Meanwhile, Makélélé did not have to change his style to steady the Chelsea ship, as the Blues won their first league title in 50 years, on 95 points, 75 goals, conceding just 15. In 2005-06, Makelele scooped a second Premier League title with Chelsea.
When he joined PSG (2008-2011) his powers had obviously waned but he continued doing his thing, averaging over 30 games per season until he was 38.
Missing international honours
Makélélé’s debut with France came July 22, 1995, in a goalless draw against Norway. He, alongside Robert Pires, Sylvain Wiltord, played for France at the 1996 Summer Olympics, as they lost in the quarterfinals. But Makélélé and Wiltord did not make France’s 1998 Fifa World Cup winning squad.
However, Wiltord was among the stars as France won the Euro 2000, but Makelele was again overlooked by Aimé Étienne Jacquet’s replacement Roger Lemerre.
Conversely, his major tournament debut was the 2002 World Cup, which marked the end of France’s golden generation. Makélélé started the team’s final Group A match, which Denmark won 2-0 as France bowed out with just a point and no goal to their name, becoming the first defending world champions to fail the group hurdle.
At Euro 2004, Makélélé and company had a chance to make amends. The midfielder started most of France’s four matches as Les Bleus led Group B that also had England, Croatia and Switzerland. But they lost the quarterfinals to eventual surprise champions Greece 1-0.
With another major trophy missed, Makélélé retired from international football at 31.
But nearly a year later, in 2005, he alongside Zidane and Lilian Thuram reversed their retirement to help France qualify for the 2006 World Cup. They sealed the deal. And in Germany, Makélélé replicated his tireless brilliance as a midfield spoiler that had won Chelsea back-to-back league titles to aid France’s quest for another World Cup.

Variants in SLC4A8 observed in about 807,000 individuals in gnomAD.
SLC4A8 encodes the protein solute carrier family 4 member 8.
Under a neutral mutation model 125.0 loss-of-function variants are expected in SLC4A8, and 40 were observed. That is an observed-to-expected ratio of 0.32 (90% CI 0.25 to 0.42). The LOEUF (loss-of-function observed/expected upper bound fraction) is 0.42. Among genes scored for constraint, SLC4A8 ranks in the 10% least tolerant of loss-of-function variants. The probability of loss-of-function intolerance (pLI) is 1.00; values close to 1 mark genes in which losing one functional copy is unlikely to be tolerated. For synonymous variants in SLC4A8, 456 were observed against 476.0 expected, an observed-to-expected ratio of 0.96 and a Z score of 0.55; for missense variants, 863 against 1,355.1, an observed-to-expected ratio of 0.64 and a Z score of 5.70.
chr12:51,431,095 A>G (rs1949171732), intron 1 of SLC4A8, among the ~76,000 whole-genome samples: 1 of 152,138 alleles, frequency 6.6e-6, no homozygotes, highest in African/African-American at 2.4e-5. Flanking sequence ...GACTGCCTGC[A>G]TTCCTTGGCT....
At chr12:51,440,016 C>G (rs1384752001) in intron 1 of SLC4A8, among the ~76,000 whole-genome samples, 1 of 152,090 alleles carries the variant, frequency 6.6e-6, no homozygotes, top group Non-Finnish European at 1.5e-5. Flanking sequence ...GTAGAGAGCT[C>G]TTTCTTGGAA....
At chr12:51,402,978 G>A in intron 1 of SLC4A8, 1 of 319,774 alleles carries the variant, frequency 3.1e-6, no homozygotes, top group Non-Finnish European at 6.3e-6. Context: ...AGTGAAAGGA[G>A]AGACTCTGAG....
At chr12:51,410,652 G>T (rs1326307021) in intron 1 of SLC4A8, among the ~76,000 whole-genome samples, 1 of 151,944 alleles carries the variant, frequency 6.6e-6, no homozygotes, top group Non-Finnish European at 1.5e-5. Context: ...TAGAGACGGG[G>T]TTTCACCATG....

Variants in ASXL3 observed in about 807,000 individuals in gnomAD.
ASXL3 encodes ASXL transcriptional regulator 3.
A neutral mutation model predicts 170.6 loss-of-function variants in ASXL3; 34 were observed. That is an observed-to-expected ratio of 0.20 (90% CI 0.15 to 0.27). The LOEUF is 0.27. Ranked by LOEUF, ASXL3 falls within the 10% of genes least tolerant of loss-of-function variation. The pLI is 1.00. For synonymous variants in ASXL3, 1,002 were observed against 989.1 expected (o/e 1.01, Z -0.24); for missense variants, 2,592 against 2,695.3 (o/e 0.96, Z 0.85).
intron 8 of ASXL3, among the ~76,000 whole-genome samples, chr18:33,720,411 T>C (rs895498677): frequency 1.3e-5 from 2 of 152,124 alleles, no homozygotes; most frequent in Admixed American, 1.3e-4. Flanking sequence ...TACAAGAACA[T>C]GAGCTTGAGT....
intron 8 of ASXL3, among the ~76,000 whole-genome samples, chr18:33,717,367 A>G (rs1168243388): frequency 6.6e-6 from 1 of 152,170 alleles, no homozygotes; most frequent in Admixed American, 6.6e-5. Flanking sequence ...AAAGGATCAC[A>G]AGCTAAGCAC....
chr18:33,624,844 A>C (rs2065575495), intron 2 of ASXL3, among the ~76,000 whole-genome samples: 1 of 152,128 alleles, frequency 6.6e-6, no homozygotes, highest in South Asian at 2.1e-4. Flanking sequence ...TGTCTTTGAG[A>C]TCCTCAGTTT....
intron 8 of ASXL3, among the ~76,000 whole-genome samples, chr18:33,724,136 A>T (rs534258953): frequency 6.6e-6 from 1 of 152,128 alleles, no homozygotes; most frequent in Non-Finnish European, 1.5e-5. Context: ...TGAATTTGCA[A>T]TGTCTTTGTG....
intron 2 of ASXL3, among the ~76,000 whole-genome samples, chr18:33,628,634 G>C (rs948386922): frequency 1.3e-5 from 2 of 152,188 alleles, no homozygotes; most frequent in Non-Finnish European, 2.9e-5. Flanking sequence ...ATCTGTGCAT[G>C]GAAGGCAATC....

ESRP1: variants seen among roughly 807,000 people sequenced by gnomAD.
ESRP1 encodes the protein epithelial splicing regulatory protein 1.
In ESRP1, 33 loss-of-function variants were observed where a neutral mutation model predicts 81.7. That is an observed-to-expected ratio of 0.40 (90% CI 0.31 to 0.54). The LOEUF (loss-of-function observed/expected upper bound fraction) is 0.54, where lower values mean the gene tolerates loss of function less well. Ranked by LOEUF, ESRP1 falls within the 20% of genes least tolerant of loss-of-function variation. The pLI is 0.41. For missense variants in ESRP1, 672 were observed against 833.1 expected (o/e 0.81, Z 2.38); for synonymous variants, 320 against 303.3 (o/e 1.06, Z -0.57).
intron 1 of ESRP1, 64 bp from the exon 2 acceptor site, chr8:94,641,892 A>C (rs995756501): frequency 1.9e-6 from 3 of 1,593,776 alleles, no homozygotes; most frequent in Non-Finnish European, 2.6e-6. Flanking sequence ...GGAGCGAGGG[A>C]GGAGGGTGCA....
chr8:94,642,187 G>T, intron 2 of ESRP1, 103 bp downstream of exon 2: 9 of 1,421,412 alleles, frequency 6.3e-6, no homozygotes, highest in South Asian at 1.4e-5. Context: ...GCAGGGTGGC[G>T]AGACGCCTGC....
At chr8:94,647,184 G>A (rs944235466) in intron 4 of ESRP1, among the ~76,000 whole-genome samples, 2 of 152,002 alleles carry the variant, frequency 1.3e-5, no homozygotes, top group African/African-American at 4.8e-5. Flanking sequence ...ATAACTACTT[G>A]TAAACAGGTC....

En route, they knocked out Spain, world champions Brazil and Euro 2004 finalists Portugal.
Sharing defensive roles with Patrick Vieira in midfield strengthened France, who conceded just three times in seven games, enjoying four clean-sheets, a tally only second to eventual world champions Italy.
It was the closest Makélélé had come to winning a major trophy with France, ruined in part by Zidane, the tournament’s best player, who turned villain in the final, head-butting Italy’s Marco Materazzi in extra time. France – and Makélélé – lost in the shootout.
Again, Makélélé pulled off the national jersey. But returned to help France in the road to Euro 2008.
At the tournament, Raymond Domenech’s side depleted of Zidane, and others, were the opposite of their 2006 solid self, conceding six goals and scoring just once in three Group C matches.
Italy were none the better. But when the two limping giants met in the decider, with just a point apiece, Makélélé and company, ended up second time unlucky, losing 2-0 and dropping out in the group.
Makélélé retired, again, this time for good.
On the pitch, Makélélé was not a hothead like Roy Keane or Vieira. But he always knew when and how to fight for his rights. And justice fell in his favour.